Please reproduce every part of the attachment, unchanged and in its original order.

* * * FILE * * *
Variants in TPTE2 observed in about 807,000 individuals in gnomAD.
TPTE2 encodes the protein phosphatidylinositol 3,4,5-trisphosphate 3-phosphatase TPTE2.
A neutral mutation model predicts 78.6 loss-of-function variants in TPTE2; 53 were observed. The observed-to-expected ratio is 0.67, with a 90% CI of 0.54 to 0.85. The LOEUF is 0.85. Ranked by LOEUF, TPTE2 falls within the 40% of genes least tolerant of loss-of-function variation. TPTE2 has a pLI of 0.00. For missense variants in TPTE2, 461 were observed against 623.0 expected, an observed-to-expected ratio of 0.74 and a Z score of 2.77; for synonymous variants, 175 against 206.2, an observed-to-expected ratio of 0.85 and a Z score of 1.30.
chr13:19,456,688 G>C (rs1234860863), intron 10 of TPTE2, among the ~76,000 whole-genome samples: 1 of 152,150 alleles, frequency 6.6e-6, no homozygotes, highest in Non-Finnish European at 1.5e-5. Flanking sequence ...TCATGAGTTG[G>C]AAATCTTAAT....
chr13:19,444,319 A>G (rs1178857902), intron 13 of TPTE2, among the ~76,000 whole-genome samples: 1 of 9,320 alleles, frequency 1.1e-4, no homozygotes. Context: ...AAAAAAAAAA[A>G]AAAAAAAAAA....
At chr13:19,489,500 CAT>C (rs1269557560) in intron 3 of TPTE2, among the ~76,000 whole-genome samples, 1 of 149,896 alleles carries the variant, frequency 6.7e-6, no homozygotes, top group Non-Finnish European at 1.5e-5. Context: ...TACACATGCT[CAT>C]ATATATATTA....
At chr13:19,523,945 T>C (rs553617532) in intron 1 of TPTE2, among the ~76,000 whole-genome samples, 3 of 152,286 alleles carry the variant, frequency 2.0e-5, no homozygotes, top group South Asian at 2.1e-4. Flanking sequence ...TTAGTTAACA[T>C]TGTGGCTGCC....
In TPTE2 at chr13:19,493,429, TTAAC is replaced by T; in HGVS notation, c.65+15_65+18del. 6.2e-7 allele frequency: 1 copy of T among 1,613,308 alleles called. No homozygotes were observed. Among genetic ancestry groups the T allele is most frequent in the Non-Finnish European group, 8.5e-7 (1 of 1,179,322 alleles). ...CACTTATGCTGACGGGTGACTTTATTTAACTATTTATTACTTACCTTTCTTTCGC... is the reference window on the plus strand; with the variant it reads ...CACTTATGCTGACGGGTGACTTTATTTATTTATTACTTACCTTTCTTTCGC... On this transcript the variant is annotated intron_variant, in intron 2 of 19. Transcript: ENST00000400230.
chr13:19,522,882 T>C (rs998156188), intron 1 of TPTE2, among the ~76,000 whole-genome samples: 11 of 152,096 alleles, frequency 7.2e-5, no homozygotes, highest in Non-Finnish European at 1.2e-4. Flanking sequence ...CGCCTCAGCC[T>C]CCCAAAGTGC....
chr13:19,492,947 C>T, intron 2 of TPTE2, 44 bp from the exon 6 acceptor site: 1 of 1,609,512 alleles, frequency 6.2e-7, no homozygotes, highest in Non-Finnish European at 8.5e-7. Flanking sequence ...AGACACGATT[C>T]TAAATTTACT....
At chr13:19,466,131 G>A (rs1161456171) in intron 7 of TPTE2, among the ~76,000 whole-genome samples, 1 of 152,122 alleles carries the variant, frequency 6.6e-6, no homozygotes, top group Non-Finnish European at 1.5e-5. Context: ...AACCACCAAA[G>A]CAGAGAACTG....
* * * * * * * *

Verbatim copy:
Variants in TPTE2 observed in about 807,000 individuals in gnomAD.
TPTE2 encodes the protein phosphatidylinositol 3,4,5-trisphosphate 3-phosphatase TPTE2.
A neutral mutation model predicts 78.6 loss-of-function variants in TPTE2; 53 were observed. The observed-to-expected ratio is 0.67, with a 90% CI of 0.54 to 0.85. The LOEUF is 0.85. Ranked by LOEUF, TPTE2 falls within the 40% of genes least tolerant of loss-of-function variation. TPTE2 has a pLI of 0.00. For missense variants in TPTE2, 461 were observed against 623.0 expected, an observed-to-expected ratio of 0.74 and a Z score of 2.77; for synonymous variants, 175 against 206.2, an observed-to-expected ratio of 0.85 and a Z score of 1.30.
chr13:19,456,688 G>C (rs1234860863), intron 10 of TPTE2, among the ~76,000 whole-genome samples: 1 of 152,150 alleles, frequency 6.6e-6, no homozygotes, highest in Non-Finnish European at 1.5e-5. Flanking sequence ...TCATGAGTTG[G>C]AAATCTTAAT....
chr13:19,444,319 A>G (rs1178857902), intron 13 of TPTE2, among the ~76,000 whole-genome samples: 1 of 9,320 alleles, frequency 1.1e-4, no homozygotes. Context: ...AAAAAAAAAA[A>G]AAAAAAAAAA....
At chr13:19,489,500 CAT>C (rs1269557560) in intron 3 of TPTE2, among the ~76,000 whole-genome samples, 1 of 149,896 alleles carries the variant, frequency 6.7e-6, no homozygotes, top group Non-Finnish European at 1.5e-5. Context: ...TACACATGCT[CAT>C]ATATATATTA....
At chr13:19,523,945 T>C (rs553617532) in intron 1 of TPTE2, among the ~76,000 whole-genome samples, 3 of 152,286 alleles carry the variant, frequency 2.0e-5, no homozygotes, top group South Asian at 2.1e-4. Flanking sequence ...TTAGTTAACA[T>C]TGTGGCTGCC....
In TPTE2 at chr13:19,493,429, TTAAC is replaced by T; in HGVS notation, c.65+15_65+18del. 6.2e-7 allele frequency: 1 copy of T among 1,613,308 alleles called. No homozygotes were observed. Among genetic ancestry groups the T allele is most frequent in the Non-Finnish European group, 8.5e-7 (1 of 1,179,322 alleles). ...CACTTATGCTGACGGGTGACTTTATTTAACTATTTATTACTTACCTTTCTTTCGC... is the reference window on the plus strand; with the variant it reads ...CACTTATGCTGACGGGTGACTTTATTTATTTATTACTTACCTTTCTTTCGC... On this transcript the variant is annotated intron_variant, in intron 2 of 19. Transcript: ENST00000400230.
chr13:19,522,882 T>C (rs998156188), intron 1 of TPTE2, among the ~76,000 whole-genome samples: 11 of 152,096 alleles, frequency 7.2e-5, no homozygotes, highest in Non-Finnish European at 1.2e-4. Flanking sequence ...CGCCTCAGCC[T>C]CCCAAAGTGC....
chr13:19,492,947 C>T, intron 2 of TPTE2, 44 bp from the exon 6 acceptor site: 1 of 1,609,512 alleles, frequency 6.2e-7, no homozygotes, highest in Non-Finnish European at 8.5e-7. Flanking sequence ...AGACACGATT[C>T]TAAATTTACT....
At chr13:19,466,131 G>A (rs1161456171) in intron 7 of TPTE2, among the ~76,000 whole-genome samples, 1 of 152,122 alleles carries the variant, frequency 6.6e-6, no homozygotes, top group Non-Finnish European at 1.5e-5. Context: ...AACCACCAAA[G>A]CAGAGAACTG....